Ushering Morality

Harish Salve thinks there should be moral code of conduct that politicians live by, so there aren't the kind of scandals that are tumbling out of cupboards dotting the political scene in India! Harish even thinks crass market behavior is responsible for why our politics has taken on a stink!

Really? Moral codes of conduct can turn the political class into champions of morality?

My recommendation? Make it mandatory that lawyers learn what a free market economy is like! The fact is, the only chance that we have for probity lies in the free market economy.

Note Martin Wolf: A sophisticated market economy works better than any other economic arrangement that has ever existed. After two centuries of unprecedented economic advance, and especially since the collapse of the Soviet Union and China's transition to capitalism, it is hard to argue anything else.

Yet the victory of the market model is detested almost everywhere. Critics grudgingly concede that capitalism may work better than any plausible alternative, but they insist it remains a wicked system, one that rewards immoral behavior -- greed, ruthlessness, and indifference to the fate of others -- and produces immoral outcomes, namely widening inequality.

This view is most stridently expressed by the anti-globalization left. But a similar, if more subtle, critique has emerged among economists themselves, some of whom even decry capitalism as inherently inhumane and in need of a "human face." It is easy to agree that a market economy requires a supporting system of laws and regulations. It is also easy to accept the desirability of government-sponsored programs of social welfare, provided these are kept within manageable bounds. But the claim that the market economy is immoral is nonsense.

The market economy rests on and encourages valuable moral qualities; provides unprecedented opportunities for people to engage in altruistic activities; underpins individual freedom and democracy; and has created societies that are, in all significant respects, less unequal than the traditional hierarchies that preceded them. In short, capitalism is the most inherently just economic system that humankind has ever devised.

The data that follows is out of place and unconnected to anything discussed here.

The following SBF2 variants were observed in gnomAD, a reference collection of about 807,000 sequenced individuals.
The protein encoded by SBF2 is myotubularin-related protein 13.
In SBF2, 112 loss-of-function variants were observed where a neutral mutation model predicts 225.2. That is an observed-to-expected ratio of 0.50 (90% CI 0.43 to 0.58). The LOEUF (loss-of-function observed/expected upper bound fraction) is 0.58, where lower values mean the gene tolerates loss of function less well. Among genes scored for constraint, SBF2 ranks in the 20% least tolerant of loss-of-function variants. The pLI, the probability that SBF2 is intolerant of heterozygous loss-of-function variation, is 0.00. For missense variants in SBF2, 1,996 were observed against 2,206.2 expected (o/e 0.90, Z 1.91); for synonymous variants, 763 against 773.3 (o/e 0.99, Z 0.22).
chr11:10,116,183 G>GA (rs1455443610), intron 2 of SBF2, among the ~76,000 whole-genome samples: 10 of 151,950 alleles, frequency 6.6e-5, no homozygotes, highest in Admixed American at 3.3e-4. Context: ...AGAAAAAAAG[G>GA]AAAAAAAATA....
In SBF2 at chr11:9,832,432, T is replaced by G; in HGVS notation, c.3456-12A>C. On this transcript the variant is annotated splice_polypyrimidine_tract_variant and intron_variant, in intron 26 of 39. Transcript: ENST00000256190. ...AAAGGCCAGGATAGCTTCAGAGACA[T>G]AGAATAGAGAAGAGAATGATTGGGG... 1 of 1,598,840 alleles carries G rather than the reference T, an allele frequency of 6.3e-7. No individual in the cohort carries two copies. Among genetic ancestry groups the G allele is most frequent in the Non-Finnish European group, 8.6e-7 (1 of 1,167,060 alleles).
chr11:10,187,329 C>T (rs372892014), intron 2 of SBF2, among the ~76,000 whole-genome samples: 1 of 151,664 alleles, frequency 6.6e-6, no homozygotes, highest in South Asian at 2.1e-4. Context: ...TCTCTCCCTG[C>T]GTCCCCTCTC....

It is true that market economies neither create, nor reward, saints. But consider the virtuous behavior that capitalism fosters: trustworthiness, reliability, individual initiative, civility, self-reliance, and self-restraint. These qualities are, critics correctly note, placed in the service of self-interest. Since people are, with few exceptions, self-interested, that should be neither surprising nor shocking.
Yet people are also not completely self-interested. Prosperous market economies generate a vast number of attractive opportunities for those who are not motivated by wealth alone. People can seek employment with non-governmental organizations or charities. They can work in the public sector, as doctors, teachers, or police officers. They can teach the iniquities of capitalism in schools and universities. Those who make a great deal of money can use it for any purpose they wish. They can give it away, for example. Quite a few have.
In the advanced market economies, people care deeply about eliminating pain and injustice and ensuring the welfare of fellow humans and, more recently, animals. This concern exists because a rich, liberal society places enormous emphasis on the health and well-being of the individual. Life is no longer nasty, brutish, and short; rather, it is gentle, kind, and long, and more precious than before.
The savage punishments and casual indignities of two centuries ago are no longer acceptable to civilized people. Nor are slavery and serfdom, both of which were rendered obsolete and immoral under the capitalist system. Militarists, extreme nationalists, communists, and fascists -- the anti-liberals -- brought these horrors back, if only temporarily. And it is no accident that the creeds that brought them back were fiercely anti-individualistic and anti-market.


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